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Donations give Paulding Boys & Girls Club new look
by Adam Elrod
January 23, 2013 02:05 PM | 1761 views | 0 0 comments | 6 6 recommendations | email to a friend | print
Boys and Girls Clubs Kevie Dixon shows the new floors, televisions and other items that were donated and installed free of charge.
Boys and Girls Clubs Kevie Dixon shows the new floors, televisions and other items that were donated and installed free of charge.
The Boys & Girls Club of Paulding County’s 12-year-old building recently underwent major renovations.

Amtico International, a Georgia-based flooring company, donated about 5,000 square feet of new wood flooring, said Kevie Dixon, executive director of the club. The flooring retails for about $20,000, and was placed throughout the main building of the club and in its dance studio on Academy Drive in Dallas.

About two years ago Amtico provided funding to sponsor some children for the club’s summer activities, and the following year offered to supply the flooring, Dixon said.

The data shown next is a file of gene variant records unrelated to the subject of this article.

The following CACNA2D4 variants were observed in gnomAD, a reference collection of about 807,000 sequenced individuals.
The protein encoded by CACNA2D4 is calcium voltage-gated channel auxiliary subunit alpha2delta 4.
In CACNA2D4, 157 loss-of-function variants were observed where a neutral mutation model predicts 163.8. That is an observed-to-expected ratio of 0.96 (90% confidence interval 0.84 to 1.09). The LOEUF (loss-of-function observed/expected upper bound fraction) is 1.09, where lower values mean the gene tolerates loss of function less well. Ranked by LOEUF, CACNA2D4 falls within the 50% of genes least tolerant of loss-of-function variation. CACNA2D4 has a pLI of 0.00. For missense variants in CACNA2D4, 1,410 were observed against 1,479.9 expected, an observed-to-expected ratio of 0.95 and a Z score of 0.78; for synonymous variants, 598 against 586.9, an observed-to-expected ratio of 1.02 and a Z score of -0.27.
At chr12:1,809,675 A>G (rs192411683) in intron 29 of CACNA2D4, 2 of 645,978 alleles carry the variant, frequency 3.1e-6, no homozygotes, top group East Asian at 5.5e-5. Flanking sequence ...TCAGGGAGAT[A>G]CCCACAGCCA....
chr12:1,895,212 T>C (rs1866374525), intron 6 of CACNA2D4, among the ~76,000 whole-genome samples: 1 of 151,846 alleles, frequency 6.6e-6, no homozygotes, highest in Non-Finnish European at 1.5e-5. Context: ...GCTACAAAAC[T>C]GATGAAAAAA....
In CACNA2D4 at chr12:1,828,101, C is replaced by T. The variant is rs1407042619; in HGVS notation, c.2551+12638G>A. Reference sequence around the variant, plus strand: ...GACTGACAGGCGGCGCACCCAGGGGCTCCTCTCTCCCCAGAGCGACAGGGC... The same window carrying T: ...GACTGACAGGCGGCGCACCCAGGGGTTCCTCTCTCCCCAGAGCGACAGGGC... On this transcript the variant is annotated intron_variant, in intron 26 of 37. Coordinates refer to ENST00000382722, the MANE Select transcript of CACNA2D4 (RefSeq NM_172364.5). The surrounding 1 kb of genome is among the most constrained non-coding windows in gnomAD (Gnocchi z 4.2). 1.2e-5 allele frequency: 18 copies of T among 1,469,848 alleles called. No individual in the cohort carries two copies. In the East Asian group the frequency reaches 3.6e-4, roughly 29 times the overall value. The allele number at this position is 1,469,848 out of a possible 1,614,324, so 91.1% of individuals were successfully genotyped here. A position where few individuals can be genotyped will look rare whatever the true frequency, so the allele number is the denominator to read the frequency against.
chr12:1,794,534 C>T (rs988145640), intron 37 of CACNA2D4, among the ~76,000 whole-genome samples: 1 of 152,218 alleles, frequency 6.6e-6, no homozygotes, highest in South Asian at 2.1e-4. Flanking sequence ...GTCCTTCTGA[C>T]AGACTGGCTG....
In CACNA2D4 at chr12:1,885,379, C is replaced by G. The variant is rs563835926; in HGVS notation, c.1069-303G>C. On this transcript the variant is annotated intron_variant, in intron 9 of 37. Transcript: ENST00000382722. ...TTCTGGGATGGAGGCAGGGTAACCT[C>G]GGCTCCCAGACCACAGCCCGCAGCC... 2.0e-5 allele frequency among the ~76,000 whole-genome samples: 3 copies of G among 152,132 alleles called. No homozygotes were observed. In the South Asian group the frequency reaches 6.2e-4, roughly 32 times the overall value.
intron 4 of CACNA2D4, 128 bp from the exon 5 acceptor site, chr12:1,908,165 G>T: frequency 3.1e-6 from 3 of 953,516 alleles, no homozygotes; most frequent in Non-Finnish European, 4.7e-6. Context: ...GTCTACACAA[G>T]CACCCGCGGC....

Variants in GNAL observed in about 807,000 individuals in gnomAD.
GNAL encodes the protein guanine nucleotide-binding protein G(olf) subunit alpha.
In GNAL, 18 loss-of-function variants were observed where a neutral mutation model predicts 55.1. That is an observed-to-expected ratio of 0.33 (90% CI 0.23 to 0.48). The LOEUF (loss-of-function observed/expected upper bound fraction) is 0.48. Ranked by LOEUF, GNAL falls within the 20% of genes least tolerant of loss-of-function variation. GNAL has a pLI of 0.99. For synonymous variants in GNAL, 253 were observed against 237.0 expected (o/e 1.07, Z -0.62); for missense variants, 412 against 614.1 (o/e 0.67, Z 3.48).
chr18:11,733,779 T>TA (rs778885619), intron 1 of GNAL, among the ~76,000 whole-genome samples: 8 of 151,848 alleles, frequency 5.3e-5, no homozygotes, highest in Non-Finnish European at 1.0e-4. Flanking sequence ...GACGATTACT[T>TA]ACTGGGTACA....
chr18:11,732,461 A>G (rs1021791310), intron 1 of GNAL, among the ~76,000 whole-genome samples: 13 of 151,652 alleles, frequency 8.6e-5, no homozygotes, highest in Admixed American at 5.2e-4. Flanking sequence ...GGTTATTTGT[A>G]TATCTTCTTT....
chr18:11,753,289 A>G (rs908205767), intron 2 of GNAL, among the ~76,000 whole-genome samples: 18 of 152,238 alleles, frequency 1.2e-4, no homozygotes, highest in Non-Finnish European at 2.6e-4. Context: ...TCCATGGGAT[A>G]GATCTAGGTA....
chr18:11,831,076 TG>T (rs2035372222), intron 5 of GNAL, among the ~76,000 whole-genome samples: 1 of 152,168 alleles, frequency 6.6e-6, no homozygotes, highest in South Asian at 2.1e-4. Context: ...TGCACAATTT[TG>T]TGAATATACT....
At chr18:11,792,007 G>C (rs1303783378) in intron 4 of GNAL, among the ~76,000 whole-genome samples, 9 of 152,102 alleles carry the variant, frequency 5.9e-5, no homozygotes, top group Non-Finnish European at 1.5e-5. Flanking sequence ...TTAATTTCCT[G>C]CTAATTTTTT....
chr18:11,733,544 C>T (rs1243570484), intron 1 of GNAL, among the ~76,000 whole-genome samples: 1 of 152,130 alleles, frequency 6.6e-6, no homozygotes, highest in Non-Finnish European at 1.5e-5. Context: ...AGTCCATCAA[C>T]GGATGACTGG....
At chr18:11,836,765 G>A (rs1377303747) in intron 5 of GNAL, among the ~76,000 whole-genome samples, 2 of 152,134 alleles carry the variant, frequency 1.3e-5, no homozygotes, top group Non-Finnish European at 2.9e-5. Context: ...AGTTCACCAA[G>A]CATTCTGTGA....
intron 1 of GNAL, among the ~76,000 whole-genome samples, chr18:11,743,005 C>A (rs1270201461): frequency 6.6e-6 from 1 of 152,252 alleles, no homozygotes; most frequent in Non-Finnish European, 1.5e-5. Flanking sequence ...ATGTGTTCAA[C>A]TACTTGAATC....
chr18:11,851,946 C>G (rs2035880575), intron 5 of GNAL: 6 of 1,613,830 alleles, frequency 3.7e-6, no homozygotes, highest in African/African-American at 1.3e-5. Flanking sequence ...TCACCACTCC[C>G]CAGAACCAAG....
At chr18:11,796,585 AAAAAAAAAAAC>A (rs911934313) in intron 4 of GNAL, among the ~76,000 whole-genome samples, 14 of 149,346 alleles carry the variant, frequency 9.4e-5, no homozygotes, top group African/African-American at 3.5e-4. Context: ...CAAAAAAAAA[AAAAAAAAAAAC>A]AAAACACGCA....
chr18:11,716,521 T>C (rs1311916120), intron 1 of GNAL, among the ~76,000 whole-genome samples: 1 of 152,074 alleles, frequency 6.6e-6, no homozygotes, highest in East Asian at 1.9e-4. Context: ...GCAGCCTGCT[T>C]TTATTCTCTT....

The Paulding County School District Maintenance Department stored the flooring until Dallas-based Floor-It was able to install it, he said.

Shaqwanna Venable, 17, of Dallas, has been volunteering and teaching dance at the club for five years. She said the club looks brighter than it did previously when it had carpet.

“I love it. It is more spacious and open [looking],” Venable said.

Home Depot donated chair rail molding, while Pamela’s Painting of Atlanta donated its services and painted the walls, Dixon said.

“We are not done with it yet,” he said.

Dixon said his next goal is to get a new floor donated for the basketball gym. Currently the floor is made of old ceramic tile.

If he can get a new floor, Dixon plans to start a fifth- and sixth-grade basketball program, he said. There is not a program for this age group in Paulding, and it could help bring in revenue for the club, Dixon said.

The club has come a long way since it started in 1996 in Dallas Elementary School.

It currently has two full-time staff members, and around 20 volunteers, Dixon said.

The club offers a variety of activities including art, sports and tutoring. The club has pool tables, air hockey tables and foosball tables.

Dixon said he is also working to get the children into the mindset of preparing to go to college.

One of his ideas is to rename all of the rooms and activity areas in the club after a college, so when a child is asked “where they are going,” the answer is to a college, he said.

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